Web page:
Our Norwegian member is working with the Red Cross charity to provide financial education to female prisoners, our Moroccan member has developed a series of 24 TV shows aired on a national TV channel at primetime, to boost conversations about money among families. And in Spain – you have ProFuturo, an initiative launched in 2016 and financed by “la Caixa” Foundation and Telefónica Foundation which has digitized schools in 25 countries from Africa, Latin America, the Caribbean and Asia. To date, 27 million children have benefitted from the educational digital program. who works at national level but also in Latin America to provide financial education to children. Furthermore, at Spanish level, you have FUNCAS Educa, an initiative that was recognised by the CNMV and Bank of Spain by the Finanzas para todos award. Since its creation in 2018, it has provided financial education to more than 12 million people, in more than 4000 activities through an investment of more than 12 million euros.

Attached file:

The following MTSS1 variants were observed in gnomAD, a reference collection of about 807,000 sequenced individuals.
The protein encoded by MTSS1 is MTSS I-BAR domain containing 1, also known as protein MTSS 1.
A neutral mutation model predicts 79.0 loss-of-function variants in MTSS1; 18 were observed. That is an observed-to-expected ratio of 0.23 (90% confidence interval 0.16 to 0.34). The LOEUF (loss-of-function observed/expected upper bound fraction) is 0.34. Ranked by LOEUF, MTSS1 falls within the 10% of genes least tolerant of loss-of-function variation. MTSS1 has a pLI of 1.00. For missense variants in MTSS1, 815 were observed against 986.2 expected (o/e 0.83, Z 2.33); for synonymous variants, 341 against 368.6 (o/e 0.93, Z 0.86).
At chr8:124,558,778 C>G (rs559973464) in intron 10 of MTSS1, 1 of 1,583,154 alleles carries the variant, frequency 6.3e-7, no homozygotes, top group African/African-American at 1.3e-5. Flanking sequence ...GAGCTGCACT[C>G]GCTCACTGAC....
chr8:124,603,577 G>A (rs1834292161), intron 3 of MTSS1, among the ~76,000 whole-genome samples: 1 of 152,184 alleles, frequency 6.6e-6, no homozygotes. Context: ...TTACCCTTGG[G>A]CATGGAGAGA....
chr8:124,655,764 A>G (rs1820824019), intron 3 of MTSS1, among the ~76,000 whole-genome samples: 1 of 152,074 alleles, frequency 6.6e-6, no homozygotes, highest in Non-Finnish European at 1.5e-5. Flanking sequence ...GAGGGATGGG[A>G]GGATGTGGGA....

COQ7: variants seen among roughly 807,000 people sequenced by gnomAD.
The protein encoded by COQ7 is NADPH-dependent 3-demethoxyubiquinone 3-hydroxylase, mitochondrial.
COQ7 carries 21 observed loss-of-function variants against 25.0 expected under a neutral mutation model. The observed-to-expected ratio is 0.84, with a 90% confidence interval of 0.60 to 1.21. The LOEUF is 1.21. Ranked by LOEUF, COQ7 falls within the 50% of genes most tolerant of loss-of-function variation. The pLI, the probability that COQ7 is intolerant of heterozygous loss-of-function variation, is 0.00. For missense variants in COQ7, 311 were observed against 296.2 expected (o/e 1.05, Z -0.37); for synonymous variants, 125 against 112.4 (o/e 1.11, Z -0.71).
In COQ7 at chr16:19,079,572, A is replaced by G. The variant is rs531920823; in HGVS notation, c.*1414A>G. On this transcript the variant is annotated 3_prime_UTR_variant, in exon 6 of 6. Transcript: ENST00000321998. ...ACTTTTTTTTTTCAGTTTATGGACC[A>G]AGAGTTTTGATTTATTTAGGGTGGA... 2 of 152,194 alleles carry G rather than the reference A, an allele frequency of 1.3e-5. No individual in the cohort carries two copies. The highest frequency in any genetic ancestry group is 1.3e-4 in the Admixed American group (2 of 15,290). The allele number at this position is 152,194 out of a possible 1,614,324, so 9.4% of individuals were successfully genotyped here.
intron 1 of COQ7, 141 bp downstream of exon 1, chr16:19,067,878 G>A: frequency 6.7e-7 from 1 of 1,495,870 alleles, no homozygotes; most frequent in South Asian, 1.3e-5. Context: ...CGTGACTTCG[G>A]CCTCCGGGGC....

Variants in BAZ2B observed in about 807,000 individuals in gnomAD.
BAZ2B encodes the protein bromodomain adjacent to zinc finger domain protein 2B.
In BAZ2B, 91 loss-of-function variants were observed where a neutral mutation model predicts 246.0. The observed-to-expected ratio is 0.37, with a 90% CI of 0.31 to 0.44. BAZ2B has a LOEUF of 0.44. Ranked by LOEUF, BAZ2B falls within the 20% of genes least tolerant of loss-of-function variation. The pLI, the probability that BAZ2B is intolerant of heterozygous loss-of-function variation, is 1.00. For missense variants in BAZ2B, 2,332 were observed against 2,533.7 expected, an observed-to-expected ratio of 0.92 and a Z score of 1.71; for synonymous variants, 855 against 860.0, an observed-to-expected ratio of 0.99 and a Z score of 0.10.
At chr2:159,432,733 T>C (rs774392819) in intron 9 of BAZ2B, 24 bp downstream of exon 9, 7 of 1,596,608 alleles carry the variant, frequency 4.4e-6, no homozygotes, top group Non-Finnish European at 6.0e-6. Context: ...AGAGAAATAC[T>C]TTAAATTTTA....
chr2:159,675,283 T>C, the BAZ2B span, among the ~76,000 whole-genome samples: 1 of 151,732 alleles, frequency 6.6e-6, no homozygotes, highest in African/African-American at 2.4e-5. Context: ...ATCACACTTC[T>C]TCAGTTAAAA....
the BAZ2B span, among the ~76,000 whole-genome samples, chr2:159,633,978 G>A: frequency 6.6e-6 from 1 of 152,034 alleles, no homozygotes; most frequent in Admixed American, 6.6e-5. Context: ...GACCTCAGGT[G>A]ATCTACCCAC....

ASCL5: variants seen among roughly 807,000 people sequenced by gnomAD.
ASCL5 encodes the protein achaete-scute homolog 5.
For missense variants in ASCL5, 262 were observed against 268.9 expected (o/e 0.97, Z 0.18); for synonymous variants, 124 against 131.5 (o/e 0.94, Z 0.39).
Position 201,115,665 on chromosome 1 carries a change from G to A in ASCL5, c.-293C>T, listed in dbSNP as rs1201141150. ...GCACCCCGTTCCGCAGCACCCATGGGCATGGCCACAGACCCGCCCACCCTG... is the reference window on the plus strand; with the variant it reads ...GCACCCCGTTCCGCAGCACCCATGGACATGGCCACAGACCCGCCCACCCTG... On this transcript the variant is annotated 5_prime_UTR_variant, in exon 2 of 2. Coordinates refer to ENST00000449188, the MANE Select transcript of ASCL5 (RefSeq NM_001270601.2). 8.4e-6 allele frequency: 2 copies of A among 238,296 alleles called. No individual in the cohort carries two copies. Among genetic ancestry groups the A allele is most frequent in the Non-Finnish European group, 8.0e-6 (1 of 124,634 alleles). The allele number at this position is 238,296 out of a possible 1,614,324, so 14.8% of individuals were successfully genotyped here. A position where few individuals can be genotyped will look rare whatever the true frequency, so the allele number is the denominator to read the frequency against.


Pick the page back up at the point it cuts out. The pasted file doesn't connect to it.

For the past six years, WSBI has carried out a programme with funding from the Mastercard Foundation; the Scale2Save initiative has had the aim – and success – to promote the viability of low–balance savings accounts and to understand the extent to which savings allow vulnerable people to boost their financial resilience and wellbeing by bringing 1.3 million low-income women, farmers and young people into formal banking in six countries in Africa. WSBI is also embarking on a new regional Silver Finance initiative in partnerships with the IDB Lab to adaptive promote financial services tailored to the needs of the elderly population in Latin America.

How much do you engage to communicating and highlighting the socially responsible developments of the organisations that make up the WSBI?